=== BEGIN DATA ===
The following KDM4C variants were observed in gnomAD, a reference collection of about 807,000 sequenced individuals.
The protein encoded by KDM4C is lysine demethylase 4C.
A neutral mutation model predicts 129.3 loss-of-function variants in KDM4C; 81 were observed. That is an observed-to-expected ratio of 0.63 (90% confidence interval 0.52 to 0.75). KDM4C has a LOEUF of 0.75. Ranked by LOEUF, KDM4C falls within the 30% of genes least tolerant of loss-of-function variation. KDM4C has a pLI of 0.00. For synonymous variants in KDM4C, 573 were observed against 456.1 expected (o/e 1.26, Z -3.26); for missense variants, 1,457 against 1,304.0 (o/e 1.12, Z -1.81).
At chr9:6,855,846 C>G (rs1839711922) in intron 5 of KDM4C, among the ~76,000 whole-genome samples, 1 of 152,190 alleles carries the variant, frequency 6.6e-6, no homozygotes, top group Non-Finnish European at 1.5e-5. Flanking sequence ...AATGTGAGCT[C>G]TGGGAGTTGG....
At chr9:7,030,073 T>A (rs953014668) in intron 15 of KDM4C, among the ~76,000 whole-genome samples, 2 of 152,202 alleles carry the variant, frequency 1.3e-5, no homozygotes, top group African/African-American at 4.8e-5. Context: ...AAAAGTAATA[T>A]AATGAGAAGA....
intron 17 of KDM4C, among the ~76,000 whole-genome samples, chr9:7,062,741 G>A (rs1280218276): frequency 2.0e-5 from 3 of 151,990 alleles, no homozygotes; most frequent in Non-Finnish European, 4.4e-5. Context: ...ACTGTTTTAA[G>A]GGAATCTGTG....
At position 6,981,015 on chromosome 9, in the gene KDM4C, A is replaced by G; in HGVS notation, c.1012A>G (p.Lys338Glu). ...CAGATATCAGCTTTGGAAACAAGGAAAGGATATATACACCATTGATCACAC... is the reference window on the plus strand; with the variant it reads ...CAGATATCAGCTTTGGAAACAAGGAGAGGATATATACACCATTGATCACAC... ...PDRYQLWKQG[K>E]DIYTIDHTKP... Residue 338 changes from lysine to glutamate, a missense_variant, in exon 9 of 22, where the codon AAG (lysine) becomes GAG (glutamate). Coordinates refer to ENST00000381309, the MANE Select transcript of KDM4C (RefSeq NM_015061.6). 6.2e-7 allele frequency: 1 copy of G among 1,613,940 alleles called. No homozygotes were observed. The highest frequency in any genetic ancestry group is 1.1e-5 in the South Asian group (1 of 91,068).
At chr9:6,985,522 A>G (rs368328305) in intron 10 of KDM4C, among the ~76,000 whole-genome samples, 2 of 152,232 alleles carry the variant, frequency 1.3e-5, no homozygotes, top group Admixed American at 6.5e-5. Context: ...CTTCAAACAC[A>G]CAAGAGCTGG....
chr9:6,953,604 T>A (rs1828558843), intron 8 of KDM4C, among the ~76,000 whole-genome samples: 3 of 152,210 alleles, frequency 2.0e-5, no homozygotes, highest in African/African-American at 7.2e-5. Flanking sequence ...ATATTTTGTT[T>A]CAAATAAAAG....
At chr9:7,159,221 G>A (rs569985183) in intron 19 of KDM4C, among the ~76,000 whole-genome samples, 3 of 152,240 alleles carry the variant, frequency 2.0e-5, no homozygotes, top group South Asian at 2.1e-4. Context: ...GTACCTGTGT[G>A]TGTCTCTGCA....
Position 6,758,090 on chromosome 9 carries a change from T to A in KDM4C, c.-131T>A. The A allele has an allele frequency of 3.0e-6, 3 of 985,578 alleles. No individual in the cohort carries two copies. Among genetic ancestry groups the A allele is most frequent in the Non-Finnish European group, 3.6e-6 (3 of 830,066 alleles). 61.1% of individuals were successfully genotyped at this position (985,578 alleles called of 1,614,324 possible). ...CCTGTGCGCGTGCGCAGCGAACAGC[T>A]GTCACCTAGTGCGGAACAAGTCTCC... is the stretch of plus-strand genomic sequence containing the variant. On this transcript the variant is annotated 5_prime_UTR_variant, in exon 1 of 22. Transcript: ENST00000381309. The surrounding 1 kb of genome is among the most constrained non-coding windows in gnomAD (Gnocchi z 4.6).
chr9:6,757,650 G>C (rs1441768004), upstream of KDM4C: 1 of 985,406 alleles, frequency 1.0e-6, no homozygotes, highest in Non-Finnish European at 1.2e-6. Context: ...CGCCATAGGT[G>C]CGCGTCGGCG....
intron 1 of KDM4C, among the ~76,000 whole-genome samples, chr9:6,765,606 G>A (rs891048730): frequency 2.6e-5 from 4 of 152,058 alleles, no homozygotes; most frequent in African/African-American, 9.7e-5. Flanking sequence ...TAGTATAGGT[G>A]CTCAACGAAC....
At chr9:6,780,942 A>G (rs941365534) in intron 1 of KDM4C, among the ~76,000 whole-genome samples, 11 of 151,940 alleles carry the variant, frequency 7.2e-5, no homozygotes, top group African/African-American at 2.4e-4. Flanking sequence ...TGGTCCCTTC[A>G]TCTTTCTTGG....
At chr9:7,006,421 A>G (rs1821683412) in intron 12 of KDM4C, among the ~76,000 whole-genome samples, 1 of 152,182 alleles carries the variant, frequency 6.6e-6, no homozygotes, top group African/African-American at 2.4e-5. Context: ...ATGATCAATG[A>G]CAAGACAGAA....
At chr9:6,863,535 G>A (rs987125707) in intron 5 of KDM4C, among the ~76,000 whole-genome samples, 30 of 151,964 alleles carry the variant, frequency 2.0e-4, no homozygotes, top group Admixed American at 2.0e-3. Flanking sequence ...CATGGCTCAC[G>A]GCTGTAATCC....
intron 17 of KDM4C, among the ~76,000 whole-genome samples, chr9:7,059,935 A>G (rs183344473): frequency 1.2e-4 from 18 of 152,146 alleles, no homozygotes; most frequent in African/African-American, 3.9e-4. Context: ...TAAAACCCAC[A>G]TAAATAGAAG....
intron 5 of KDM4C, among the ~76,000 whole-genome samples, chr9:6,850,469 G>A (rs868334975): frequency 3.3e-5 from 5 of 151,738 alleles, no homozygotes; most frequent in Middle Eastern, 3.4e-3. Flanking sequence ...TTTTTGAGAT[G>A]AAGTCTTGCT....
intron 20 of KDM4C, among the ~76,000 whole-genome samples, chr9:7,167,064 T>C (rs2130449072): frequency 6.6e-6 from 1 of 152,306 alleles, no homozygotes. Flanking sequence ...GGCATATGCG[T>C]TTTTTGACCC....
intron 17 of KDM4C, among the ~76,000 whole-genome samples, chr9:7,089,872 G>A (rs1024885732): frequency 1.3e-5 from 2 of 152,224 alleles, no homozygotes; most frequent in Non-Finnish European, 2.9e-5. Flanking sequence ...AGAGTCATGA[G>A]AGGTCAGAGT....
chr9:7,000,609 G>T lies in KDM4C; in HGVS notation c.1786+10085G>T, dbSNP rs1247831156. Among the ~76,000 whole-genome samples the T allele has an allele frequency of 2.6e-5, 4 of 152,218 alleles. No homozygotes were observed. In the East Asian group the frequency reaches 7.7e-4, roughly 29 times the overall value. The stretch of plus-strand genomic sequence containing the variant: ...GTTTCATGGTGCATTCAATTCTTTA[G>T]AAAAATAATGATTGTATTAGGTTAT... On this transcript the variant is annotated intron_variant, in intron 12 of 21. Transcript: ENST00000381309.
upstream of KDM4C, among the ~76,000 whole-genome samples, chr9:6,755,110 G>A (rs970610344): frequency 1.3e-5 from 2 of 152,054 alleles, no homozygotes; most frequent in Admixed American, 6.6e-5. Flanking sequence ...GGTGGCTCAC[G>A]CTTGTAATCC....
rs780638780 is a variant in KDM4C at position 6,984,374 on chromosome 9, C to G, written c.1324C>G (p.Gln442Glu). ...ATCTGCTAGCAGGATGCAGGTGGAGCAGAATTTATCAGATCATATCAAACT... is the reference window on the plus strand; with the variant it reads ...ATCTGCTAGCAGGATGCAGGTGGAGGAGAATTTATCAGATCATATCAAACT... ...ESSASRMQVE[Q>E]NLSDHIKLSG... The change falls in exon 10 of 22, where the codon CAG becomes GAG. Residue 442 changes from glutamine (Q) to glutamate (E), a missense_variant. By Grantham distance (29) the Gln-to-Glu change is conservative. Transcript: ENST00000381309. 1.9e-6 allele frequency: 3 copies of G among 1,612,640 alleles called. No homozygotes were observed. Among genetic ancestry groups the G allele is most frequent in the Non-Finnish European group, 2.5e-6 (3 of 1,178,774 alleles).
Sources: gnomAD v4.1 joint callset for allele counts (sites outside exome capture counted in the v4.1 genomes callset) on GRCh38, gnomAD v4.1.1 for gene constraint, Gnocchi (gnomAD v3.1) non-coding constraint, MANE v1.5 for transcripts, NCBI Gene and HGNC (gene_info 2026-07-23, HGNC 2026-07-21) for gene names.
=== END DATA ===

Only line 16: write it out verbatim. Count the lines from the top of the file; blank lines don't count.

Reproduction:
At chr9:6,863,535 G>A (rs987125707) in intron 5 of KDM4C, among the ~76,000 whole-genome samples, 30 of 151,964 alleles carry the variant, frequency 2.0e-4, no homozygotes, top group Admixed American at 2.0e-3. Flanking sequence ...CATGGCTCAC[G>A]GCTGTAATCC....